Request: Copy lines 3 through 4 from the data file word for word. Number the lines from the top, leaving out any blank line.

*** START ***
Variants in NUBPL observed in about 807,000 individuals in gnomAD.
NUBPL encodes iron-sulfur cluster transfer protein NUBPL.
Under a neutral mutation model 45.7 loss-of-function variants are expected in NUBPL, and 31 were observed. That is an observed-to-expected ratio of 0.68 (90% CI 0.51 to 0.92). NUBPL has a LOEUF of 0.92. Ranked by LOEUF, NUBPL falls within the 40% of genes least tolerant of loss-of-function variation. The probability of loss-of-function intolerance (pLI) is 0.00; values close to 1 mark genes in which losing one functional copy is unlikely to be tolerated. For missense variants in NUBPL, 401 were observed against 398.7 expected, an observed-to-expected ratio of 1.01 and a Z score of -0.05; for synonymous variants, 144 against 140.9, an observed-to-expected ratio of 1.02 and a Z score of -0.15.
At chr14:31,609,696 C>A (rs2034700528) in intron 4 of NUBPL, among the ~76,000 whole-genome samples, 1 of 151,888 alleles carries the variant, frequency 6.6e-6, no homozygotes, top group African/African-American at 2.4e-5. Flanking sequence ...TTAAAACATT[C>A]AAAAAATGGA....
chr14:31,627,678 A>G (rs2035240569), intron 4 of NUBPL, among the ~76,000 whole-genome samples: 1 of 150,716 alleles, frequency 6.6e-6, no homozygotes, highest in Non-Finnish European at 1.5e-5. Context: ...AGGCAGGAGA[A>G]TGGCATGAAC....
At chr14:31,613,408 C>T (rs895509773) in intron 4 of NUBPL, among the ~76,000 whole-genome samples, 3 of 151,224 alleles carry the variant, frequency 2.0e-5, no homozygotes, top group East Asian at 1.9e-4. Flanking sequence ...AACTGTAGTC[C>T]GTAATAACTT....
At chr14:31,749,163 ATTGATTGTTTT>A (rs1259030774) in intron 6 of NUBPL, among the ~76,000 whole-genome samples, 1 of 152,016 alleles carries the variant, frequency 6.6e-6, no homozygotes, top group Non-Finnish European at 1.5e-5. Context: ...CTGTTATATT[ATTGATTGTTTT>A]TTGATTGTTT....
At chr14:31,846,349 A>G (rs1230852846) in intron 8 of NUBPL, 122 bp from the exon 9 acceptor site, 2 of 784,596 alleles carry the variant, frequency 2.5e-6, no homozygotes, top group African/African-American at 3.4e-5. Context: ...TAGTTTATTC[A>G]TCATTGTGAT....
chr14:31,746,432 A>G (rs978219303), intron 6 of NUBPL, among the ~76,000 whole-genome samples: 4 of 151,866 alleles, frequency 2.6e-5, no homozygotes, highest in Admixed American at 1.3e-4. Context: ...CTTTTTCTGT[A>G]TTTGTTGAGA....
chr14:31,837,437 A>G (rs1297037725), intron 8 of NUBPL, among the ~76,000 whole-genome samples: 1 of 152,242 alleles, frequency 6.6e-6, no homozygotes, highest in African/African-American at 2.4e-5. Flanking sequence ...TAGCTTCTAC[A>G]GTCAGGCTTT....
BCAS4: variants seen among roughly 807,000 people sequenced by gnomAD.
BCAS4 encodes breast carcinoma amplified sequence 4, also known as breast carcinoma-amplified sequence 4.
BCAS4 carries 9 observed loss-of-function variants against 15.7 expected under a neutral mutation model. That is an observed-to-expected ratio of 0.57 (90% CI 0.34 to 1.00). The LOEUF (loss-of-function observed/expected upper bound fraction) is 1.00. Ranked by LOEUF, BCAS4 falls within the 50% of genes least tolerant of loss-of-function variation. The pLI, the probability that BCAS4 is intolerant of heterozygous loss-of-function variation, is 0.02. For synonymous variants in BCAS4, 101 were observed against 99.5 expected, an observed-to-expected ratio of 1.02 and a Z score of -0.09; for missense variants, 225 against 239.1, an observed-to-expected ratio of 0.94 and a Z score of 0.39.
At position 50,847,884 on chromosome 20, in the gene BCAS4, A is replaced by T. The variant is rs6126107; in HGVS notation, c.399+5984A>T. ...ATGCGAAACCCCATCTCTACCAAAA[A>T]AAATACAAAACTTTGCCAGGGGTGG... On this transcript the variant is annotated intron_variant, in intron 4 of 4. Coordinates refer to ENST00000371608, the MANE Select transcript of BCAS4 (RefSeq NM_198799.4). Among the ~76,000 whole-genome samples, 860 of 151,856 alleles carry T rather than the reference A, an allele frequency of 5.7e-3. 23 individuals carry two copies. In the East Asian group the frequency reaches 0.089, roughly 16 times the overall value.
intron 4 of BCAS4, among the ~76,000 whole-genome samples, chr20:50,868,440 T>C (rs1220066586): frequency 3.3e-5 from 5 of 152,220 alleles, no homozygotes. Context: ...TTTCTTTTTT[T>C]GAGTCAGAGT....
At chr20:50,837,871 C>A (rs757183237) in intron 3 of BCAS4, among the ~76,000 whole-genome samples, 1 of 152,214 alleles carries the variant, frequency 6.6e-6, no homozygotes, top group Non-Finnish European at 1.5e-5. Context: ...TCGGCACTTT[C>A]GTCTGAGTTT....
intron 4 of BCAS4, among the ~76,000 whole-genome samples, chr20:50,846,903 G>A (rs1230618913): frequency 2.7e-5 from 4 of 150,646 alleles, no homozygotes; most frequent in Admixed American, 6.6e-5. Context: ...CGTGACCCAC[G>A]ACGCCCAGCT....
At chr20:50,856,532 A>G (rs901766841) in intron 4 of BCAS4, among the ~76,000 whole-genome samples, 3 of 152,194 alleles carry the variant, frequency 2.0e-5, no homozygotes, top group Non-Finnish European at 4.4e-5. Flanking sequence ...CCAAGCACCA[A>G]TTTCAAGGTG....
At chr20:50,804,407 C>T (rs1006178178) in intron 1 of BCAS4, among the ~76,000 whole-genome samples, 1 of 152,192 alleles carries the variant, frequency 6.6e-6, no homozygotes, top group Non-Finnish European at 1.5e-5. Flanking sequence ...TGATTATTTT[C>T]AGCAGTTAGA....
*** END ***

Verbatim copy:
Under a neutral mutation model 45.7 loss-of-function variants are expected in NUBPL, and 31 were observed. That is an observed-to-expected ratio of 0.68 (90% CI 0.51 to 0.92). NUBPL has a LOEUF of 0.92. Ranked by LOEUF, NUBPL falls within the 40% of genes least tolerant of loss-of-function variation. The probability of loss-of-function intolerance (pLI) is 0.00; values close to 1 mark genes in which losing one functional copy is unlikely to be tolerated. For missense variants in NUBPL, 401 were observed against 398.7 expected, an observed-to-expected ratio of 1.01 and a Z score of -0.05; for synonymous variants, 144 against 140.9, an observed-to-expected ratio of 1.02 and a Z score of -0.15.
At chr14:31,609,696 C>A (rs2034700528) in intron 4 of NUBPL, among the ~76,000 whole-genome samples, 1 of 151,888 alleles carries the variant, frequency 6.6e-6, no homozygotes, top group African/African-American at 2.4e-5. Flanking sequence ...TTAAAACATT[C>A]AAAAAATGGA....